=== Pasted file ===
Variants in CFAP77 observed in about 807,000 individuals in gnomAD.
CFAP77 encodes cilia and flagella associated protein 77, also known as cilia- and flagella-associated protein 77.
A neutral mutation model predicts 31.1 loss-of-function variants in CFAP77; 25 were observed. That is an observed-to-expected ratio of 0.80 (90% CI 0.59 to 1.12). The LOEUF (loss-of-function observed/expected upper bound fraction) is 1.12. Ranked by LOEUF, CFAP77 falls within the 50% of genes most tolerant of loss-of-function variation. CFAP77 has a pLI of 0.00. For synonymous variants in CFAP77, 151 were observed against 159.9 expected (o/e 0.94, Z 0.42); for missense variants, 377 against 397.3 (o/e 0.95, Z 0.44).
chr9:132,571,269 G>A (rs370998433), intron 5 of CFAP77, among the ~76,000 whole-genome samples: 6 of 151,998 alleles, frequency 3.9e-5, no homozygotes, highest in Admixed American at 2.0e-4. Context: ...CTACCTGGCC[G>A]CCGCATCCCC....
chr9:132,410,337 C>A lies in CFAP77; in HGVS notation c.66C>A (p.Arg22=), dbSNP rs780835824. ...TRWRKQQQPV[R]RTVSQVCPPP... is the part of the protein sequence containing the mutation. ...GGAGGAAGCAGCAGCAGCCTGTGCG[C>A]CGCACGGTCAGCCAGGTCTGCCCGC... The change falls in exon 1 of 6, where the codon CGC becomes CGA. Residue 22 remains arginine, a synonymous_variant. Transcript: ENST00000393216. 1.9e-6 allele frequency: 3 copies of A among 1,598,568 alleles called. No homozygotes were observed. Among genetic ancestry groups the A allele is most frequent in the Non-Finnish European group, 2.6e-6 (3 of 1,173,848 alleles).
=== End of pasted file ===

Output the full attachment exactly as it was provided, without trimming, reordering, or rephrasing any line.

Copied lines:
Variants in CFAP77 observed in about 807,000 individuals in gnomAD.
CFAP77 encodes cilia and flagella associated protein 77, also known as cilia- and flagella-associated protein 77.
A neutral mutation model predicts 31.1 loss-of-function variants in CFAP77; 25 were observed. That is an observed-to-expected ratio of 0.80 (90% CI 0.59 to 1.12). The LOEUF (loss-of-function observed/expected upper bound fraction) is 1.12. Ranked by LOEUF, CFAP77 falls within the 50% of genes most tolerant of loss-of-function variation. CFAP77 has a pLI of 0.00. For synonymous variants in CFAP77, 151 were observed against 159.9 expected (o/e 0.94, Z 0.42); for missense variants, 377 against 397.3 (o/e 0.95, Z 0.44).
chr9:132,571,269 G>A (rs370998433), intron 5 of CFAP77, among the ~76,000 whole-genome samples: 6 of 151,998 alleles, frequency 3.9e-5, no homozygotes, highest in Admixed American at 2.0e-4. Context: ...CTACCTGGCC[G>A]CCGCATCCCC....
chr9:132,410,337 C>A lies in CFAP77; in HGVS notation c.66C>A (p.Arg22=), dbSNP rs780835824. ...TRWRKQQQPV[R]RTVSQVCPPP... is the part of the protein sequence containing the mutation. ...GGAGGAAGCAGCAGCAGCCTGTGCG[C>A]CGCACGGTCAGCCAGGTCTGCCCGC... The change falls in exon 1 of 6, where the codon CGC becomes CGA. Residue 22 remains arginine, a synonymous_variant. Transcript: ENST00000393216. 1.9e-6 allele frequency: 3 copies of A among 1,598,568 alleles called. No homozygotes were observed. Among genetic ancestry groups the A allele is most frequent in the Non-Finnish European group, 2.6e-6 (3 of 1,173,848 alleles).